bi-communal event I also met two Turkish Cypriots who were living in their
houses in Morphou. The process is obviously painful, but they were able to
discuss the matter in a sensible way and to recognize the realities of both
sides. One of the Turkish Cypriots was herself a refugee from Limassol. She
would like to return to her home, should a settlement permit that." Andrew
Dismore, Labour MP.
Each year hundreds of Morphou refugees, joined by Cypriot, Greek, British,
Euro MP's, leaders of The Friends of Morphou and Friends of Cyprus and other
political and religious delegates from around the world hold an annual rally
at the Green Line in early October to show solidarity with the people of
Morphou, to protest the continuing Turkish occupation of northern Cyprus and
demand a solution to the division of Cyprus. Many politicians attend the
rally to express their support for Morphou, including Andrew Dismore, Labour
MP, Theresa Villiers, Conservative MEP, Eric Clarke, Labour MP, the Mayor of
Barnet, Cllr Joan, and Barnet Cllr Victor Lyon among others. The Barnett
Council of London became a twin town to Morphou in 1995 to further goodwill
between the communities and show support for those Greek Cypriots who have
been forced to live in exile.
Speaking at the rally, Theresa Villiers- Conservative MEP for London said,
"It is always a great pleasure to visit Cyprus and meet the Cypriot people,
I am always especially pleased to be invited to go to the Morphou Rally.It
is an honor to have been asked by the displaced residents of Morphou.It is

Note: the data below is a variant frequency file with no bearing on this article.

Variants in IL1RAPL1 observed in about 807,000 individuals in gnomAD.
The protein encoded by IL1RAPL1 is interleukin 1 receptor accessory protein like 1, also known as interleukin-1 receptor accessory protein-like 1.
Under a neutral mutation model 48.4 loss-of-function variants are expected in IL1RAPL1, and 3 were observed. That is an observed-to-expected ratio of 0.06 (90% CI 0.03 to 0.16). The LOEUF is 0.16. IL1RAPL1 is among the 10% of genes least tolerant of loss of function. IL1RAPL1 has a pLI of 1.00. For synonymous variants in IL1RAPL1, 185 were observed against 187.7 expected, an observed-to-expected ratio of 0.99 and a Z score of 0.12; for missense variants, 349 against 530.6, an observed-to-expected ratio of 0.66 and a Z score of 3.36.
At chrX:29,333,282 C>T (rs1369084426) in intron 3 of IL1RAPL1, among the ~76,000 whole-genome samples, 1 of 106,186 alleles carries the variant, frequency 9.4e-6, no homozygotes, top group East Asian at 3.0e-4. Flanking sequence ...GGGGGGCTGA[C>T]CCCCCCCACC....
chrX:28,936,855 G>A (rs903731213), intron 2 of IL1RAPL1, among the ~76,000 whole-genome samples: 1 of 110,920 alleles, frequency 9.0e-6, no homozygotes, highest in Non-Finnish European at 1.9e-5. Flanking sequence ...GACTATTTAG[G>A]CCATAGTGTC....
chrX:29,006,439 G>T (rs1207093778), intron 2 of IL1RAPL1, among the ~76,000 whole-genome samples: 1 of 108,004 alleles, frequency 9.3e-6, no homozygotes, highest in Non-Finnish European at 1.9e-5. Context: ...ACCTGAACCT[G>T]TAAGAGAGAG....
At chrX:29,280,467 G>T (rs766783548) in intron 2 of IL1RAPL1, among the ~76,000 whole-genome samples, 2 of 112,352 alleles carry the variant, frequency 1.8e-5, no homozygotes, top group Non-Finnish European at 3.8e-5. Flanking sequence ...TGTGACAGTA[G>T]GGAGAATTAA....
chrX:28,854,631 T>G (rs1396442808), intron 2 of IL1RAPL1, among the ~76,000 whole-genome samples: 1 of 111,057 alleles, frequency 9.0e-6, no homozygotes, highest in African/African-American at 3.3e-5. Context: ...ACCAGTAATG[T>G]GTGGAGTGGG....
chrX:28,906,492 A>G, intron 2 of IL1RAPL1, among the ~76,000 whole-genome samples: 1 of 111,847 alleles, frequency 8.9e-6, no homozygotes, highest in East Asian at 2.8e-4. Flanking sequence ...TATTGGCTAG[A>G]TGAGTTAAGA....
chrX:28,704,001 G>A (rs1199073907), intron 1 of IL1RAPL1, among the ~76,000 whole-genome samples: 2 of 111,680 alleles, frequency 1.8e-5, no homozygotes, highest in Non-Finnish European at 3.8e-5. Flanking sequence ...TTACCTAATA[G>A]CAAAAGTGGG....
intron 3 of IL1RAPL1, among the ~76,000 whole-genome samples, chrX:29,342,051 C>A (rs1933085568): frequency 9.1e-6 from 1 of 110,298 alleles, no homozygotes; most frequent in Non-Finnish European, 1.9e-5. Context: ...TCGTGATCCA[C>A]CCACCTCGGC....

unacceptable that these people were driven from their homes and still cannot
return after thirty years. Morphou's twinning with Barnett- part of my own
European constituency-gives me special concern on this issue. I will
continue to campaign for a just solution to the Cyprus problem, creating a
free and united Cyprus. I will also campaign for the residents of Morphou to
be able to return to their homes."
Addressing politicians and hundreds of Morphou refugees at the Green Line,
Councillor Lyon said, "It is a moving experience to be so close to the
border and see the line dividing a nation. We must hope that the way is now
clear for an end to the problem for the benefit of all the people of
The Search for a Brighter Future in a Reunified Cyprus.
"The Cypriot struggle, the struggle conducted by the people of Morphou, is a
struggle for the rights of all nations around the world for safeguarding the
principles of international law and human rights which are so severely
violated in my country by the Turkish army and Turkish leadership.Through
all I have said I wish to underline my love for the land I was born in, our
love for our occupied town of Morphou and our determination to continue our
fight." Charalambos Pittas, Mayor of Morphou, speech at the Mayors for Peace
Forum, January 16, 2003.
Despite the obstacles, strenuous efforts are continuing to find a solution
to the division of Cyprus and progress is being made. The 2003 opening of
barriers on the Green Line has led to increased cracks in the wall of
division and greater trust between the two communities and raised hopes of a
settlement of the conflict. Morphou refugees felt excited and overjoyed